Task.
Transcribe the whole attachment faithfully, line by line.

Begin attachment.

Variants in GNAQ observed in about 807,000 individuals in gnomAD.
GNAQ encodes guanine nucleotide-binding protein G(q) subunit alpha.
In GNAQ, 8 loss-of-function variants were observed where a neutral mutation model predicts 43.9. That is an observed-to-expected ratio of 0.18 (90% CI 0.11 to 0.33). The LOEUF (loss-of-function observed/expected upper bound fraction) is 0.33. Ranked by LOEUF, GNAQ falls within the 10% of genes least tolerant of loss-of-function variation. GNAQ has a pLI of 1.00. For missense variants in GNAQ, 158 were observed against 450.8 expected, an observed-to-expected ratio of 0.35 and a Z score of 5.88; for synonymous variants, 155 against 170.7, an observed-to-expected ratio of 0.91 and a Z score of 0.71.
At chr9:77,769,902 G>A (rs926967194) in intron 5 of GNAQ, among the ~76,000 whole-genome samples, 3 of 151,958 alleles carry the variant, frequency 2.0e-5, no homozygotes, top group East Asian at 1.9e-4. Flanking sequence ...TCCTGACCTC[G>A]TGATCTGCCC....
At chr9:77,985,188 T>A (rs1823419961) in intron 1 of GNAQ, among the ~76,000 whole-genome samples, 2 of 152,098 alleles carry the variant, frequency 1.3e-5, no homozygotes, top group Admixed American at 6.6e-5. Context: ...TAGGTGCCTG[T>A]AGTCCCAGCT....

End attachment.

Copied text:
Variants in GNAQ observed in about 807,000 individuals in gnomAD.
GNAQ encodes guanine nucleotide-binding protein G(q) subunit alpha.
In GNAQ, 8 loss-of-function variants were observed where a neutral mutation model predicts 43.9. That is an observed-to-expected ratio of 0.18 (90% CI 0.11 to 0.33). The LOEUF (loss-of-function observed/expected upper bound fraction) is 0.33. Ranked by LOEUF, GNAQ falls within the 10% of genes least tolerant of loss-of-function variation. GNAQ has a pLI of 1.00. For missense variants in GNAQ, 158 were observed against 450.8 expected, an observed-to-expected ratio of 0.35 and a Z score of 5.88; for synonymous variants, 155 against 170.7, an observed-to-expected ratio of 0.91 and a Z score of 0.71.
At chr9:77,769,902 G>A (rs926967194) in intron 5 of GNAQ, among the ~76,000 whole-genome samples, 3 of 151,958 alleles carry the variant, frequency 2.0e-5, no homozygotes, top group East Asian at 1.9e-4. Flanking sequence ...TCCTGACCTC[G>A]TGATCTGCCC....
At chr9:77,985,188 T>A (rs1823419961) in intron 1 of GNAQ, among the ~76,000 whole-genome samples, 2 of 152,098 alleles carry the variant, frequency 1.3e-5, no homozygotes, top group Admixed American at 6.6e-5. Context: ...TAGGTGCCTG[T>A]AGTCCCAGCT....